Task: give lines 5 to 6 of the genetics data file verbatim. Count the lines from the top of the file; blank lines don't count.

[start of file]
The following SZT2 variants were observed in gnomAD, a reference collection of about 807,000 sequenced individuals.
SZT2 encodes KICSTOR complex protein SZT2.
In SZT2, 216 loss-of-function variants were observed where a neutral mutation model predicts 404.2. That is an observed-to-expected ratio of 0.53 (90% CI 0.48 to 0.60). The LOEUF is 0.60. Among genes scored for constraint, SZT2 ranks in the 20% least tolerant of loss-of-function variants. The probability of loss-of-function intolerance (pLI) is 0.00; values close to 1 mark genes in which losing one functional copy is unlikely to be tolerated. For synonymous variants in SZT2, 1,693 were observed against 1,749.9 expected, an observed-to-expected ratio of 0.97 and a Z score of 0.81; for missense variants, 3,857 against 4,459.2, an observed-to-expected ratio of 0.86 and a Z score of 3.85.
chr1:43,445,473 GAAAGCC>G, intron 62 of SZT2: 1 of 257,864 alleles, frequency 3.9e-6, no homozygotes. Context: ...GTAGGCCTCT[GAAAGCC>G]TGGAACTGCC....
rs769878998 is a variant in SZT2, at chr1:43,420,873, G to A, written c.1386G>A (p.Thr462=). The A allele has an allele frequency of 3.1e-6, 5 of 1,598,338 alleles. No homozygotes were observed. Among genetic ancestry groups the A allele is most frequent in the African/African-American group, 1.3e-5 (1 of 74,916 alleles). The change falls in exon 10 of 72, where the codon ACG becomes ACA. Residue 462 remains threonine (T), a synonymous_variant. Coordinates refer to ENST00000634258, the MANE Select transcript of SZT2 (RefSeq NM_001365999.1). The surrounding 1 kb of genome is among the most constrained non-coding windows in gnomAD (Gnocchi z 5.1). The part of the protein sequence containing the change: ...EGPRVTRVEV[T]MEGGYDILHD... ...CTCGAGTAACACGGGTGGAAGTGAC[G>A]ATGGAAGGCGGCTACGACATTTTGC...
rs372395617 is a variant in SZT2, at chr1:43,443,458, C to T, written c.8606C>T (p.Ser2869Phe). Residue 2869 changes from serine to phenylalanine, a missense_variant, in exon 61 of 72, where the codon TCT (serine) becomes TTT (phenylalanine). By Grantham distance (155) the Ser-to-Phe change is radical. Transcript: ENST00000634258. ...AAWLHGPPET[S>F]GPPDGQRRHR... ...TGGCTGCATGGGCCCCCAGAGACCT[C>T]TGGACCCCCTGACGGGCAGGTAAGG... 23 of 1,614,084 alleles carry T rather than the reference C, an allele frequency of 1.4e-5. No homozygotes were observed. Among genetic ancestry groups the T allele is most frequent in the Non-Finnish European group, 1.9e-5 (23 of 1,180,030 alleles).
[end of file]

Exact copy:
rs769878998 is a variant in SZT2, at chr1:43,420,873, G to A, written c.1386G>A (p.Thr462=). The A allele has an allele frequency of 3.1e-6, 5 of 1,598,338 alleles. No homozygotes were observed. Among genetic ancestry groups the A allele is most frequent in the African/African-American group, 1.3e-5 (1 of 74,916 alleles). The change falls in exon 10 of 72, where the codon ACG becomes ACA. Residue 462 remains threonine (T), a synonymous_variant. Coordinates refer to ENST00000634258, the MANE Select transcript of SZT2 (RefSeq NM_001365999.1). The surrounding 1 kb of genome is among the most constrained non-coding windows in gnomAD (Gnocchi z 5.1). The part of the protein sequence containing the change: ...EGPRVTRVEV[T]MEGGYDILHD... ...CTCGAGTAACACGGGTGGAAGTGAC[G>A]ATGGAAGGCGGCTACGACATTTTGC...
rs372395617 is a variant in SZT2, at chr1:43,443,458, C to T, written c.8606C>T (p.Ser2869Phe). Residue 2869 changes from serine to phenylalanine, a missense_variant, in exon 61 of 72, where the codon TCT (serine) becomes TTT (phenylalanine). By Grantham distance (155) the Ser-to-Phe change is radical. Transcript: ENST00000634258. ...AAWLHGPPET[S>F]GPPDGQRRHR... ...TGGCTGCATGGGCCCCCAGAGACCT[C>T]TGGACCCCCTGACGGGCAGGTAAGG... 23 of 1,614,084 alleles carry T rather than the reference C, an allele frequency of 1.4e-5. No homozygotes were observed. Among genetic ancestry groups the T allele is most frequent in the Non-Finnish European group, 1.9e-5 (23 of 1,180,030 alleles).